Hackers Release Swiss Bank Data After Ransom Demand Is Rejected.
A hacking group leaked identifying details about 30,000 clients of a small Swiss bank, after Banque Cantonale de Geneve (BCGE) declined the group’s request to pay a ransom.
The hackers’ asking price for continued privacy: Ten. thousand. euros.
The hack and its seemingly small-scale demand -- $12,000 at current exchange rates -- speak to the prevalence and ease of a rapidly growing extortion industry that deals in stolen or hijacked data.
At around 6 p.m. central European time, the hacking group, which calls itself Rex Mundi, offered a link that it said contained purloined e-mails with clients’ names, phone numbers and account numbers, as well as their e-mails with the bank. The group said it will post the data tomorrow on its website.
In a statement on its web site, Banque Cantonale de Geneve confirmed the client details had been released but said the information didn’t represent a financial risk for clients or the bank. It said it is conducting deeper analysis with authorities and that additional security measures put in place earlier this week have been effective.
Earlier in the day, Banque Cantonale de Geneve said it “stands with its decision” to refuse the ransom demand, according to Helene De Vos Vuadens, a spokeswoman for the bank.
That left little doubt that the information would be released, according to Chase Cunningham, a security analyst at FireHost, a security company based in Richardson, Texas.
“One thing you can say about these guys is that you have to take them very seriously,” said Cunningham. “If you don’t pay up they are going to try to make you suffer.”
The Rex Mundi hackers are a well-organized part of a broader legion of online hijackers whose tools include ransomware, a virus that locks up home computers and requires a payment from victims to release their data. In that case, home-computer owners can make the payments via credit card to the hackers, who often operate out of Eastern Europe or Russia, according to security experts.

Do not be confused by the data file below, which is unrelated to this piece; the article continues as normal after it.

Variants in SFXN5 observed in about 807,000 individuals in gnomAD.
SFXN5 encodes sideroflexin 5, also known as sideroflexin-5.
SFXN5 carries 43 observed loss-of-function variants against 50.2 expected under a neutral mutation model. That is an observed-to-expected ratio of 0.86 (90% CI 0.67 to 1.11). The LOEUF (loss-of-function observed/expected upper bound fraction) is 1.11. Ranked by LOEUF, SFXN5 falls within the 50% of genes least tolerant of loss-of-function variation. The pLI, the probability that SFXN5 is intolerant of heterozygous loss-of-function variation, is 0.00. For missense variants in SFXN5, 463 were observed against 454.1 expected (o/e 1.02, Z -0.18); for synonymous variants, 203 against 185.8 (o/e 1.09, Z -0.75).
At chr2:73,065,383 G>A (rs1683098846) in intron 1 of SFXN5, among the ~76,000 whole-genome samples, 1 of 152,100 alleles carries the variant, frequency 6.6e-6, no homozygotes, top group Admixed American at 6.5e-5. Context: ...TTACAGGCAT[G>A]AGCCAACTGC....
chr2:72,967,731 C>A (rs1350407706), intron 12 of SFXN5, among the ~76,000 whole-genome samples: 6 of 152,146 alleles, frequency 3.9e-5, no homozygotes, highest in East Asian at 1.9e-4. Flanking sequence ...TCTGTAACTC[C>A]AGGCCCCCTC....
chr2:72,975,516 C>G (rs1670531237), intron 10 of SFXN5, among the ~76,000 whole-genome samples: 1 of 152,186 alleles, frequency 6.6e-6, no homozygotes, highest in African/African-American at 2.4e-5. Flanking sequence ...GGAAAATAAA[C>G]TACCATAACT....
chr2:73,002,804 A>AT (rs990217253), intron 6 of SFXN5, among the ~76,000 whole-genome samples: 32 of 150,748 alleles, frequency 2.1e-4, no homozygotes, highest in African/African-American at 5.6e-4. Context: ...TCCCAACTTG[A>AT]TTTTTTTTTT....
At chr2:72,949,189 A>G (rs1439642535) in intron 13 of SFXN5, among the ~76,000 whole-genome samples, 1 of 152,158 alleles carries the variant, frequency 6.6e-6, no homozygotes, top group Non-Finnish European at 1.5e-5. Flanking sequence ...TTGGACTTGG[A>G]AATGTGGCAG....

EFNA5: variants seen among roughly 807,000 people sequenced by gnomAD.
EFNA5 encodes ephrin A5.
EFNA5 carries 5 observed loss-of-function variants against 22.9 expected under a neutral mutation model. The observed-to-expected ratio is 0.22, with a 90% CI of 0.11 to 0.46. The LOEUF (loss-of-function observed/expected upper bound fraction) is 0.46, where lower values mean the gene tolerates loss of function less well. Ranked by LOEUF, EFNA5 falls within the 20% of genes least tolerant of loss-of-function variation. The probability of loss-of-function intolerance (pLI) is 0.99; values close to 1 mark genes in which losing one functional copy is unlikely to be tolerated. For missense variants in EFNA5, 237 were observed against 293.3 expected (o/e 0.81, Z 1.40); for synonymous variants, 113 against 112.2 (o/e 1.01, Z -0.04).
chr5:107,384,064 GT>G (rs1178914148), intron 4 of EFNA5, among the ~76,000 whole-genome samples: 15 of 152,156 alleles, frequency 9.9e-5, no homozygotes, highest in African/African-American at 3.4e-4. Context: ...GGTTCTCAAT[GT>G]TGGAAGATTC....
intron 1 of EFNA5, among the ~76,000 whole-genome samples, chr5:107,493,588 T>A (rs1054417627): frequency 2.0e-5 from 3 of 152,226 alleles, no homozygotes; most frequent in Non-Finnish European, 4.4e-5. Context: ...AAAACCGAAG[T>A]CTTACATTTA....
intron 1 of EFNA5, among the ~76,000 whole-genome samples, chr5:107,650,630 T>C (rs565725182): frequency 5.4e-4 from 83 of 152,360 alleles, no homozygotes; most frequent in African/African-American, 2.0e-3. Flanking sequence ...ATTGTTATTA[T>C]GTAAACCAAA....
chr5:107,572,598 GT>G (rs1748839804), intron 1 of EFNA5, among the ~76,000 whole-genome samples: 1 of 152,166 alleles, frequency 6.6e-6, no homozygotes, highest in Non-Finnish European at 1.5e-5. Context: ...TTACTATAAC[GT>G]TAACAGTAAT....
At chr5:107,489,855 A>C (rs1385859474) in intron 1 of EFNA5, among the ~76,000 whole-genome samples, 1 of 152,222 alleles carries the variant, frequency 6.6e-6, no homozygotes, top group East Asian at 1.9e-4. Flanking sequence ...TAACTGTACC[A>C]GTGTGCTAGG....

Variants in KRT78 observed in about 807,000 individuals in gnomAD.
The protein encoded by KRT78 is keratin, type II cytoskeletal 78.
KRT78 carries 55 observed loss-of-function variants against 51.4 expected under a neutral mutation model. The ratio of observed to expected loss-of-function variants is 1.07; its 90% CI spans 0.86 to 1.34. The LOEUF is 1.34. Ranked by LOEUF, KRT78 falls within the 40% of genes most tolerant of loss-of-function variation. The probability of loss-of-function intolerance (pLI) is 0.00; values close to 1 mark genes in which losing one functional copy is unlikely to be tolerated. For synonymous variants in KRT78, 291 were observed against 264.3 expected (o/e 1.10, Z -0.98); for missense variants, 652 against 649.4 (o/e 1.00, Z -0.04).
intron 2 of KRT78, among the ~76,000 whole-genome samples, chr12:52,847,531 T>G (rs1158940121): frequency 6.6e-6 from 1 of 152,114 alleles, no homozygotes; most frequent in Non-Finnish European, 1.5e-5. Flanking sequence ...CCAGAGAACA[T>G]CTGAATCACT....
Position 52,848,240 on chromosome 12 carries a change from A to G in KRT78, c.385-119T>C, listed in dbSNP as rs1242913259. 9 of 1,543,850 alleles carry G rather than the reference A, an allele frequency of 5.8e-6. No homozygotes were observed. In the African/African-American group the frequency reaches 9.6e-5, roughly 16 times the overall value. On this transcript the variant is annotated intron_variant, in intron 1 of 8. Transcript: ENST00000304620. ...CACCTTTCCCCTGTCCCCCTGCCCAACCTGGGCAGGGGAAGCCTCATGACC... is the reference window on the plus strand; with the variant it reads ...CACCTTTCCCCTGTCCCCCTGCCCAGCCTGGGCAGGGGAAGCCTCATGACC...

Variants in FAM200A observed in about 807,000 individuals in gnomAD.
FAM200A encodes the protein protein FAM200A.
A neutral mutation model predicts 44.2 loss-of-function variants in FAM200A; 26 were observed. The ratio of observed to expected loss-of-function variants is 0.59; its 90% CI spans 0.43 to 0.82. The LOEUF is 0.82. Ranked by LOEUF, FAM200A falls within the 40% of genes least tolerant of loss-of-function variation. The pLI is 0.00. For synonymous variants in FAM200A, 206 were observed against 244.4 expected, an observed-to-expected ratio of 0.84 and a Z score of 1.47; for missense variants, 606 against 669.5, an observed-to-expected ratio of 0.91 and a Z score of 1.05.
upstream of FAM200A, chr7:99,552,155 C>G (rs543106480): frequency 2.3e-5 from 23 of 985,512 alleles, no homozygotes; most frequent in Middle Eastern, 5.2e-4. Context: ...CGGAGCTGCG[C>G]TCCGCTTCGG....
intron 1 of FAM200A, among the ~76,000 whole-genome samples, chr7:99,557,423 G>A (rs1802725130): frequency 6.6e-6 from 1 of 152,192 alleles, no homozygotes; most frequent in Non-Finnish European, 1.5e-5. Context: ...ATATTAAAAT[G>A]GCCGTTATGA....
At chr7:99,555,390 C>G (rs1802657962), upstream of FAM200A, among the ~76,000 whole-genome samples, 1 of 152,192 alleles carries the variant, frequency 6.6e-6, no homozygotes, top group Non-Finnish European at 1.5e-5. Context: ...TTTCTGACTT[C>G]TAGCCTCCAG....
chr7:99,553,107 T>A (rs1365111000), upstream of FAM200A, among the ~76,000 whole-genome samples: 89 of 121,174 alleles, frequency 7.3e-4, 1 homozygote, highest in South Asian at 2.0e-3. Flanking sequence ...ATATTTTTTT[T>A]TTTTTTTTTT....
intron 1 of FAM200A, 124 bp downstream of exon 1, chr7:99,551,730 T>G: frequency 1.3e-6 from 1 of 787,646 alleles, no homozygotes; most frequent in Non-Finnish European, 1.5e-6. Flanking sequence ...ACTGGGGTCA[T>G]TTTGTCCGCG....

Rex Mundi has perfected a similar small-bore shakedown focusing on companies, Cunningham said. They scan for vulnerabilities in company networks, quickly extract data, ransom it for small amounts and then move on.
Earlier this week, the hackers released a statement that included two stolen e-mails to verify they had the data.
“If we do not get paid in the meantime, we will post the Banque Cantonale de Geneve #leak tonight on our website,” Rex Mundi said on Twitter earlier today. “We would like to wish a merry tax audit to all the non-Swiss account holders listed in the BCGE files.”
A later tweet from the account added: “It is easier to get 10 companies to pay 10K than to get 1 company to pay 100K.”
Client information from Swiss banks has, in the past, been an object of particular scrutiny. Customer data from HSBC Holdings Plc’s Swiss unit provided to French authorities in 2008 led to a probe against the bank. The data was obtained by Herve Falciani, a software technician.
BCGE is taking part in a U.S. program that allows Swiss banks to voluntarily disclose information on how they helped clients hide money from the Internal Revenue Service. In exchange, they may receive non-prosecution deals in relation to allegations that they fostered tax-evasion through cross-border accounts held by U.S. clients.
The bank, which is partly owned by the canton of Geneva, said in statements that all affected clients were being contacted by their advisers.
The Rex Mundi hacking group has been around for at least two years, Cunningham said, and includes hackers from Germany, Austria, France and possibly the U.S. He says the hacker group was formed from more militant elements of prevalent hacktivist groups, which have been hurt by arrests of top leaders over the last three years.
“They’d much rather have 50 companies pay them $25,000 than one company pay them $5 million,” Cunningham said. “They definitely go for low-hanging fruit.”
Other Rex Mundi victims have included Domino’s Pizza Inc., according to the group’s website.
“There was an incident that was isolated to independent franchises in France and Belgium that took place in June,” Tim McIntyre, vice president of communications for Domino’s, said by telephone. The hackers accessed systems that were about to be updated, he said, which contained names and addresses but no credit card or financial information. The franchisees declined to pay and the systems were updated, he added.
“It turned out to be much ado about nothing,” he said.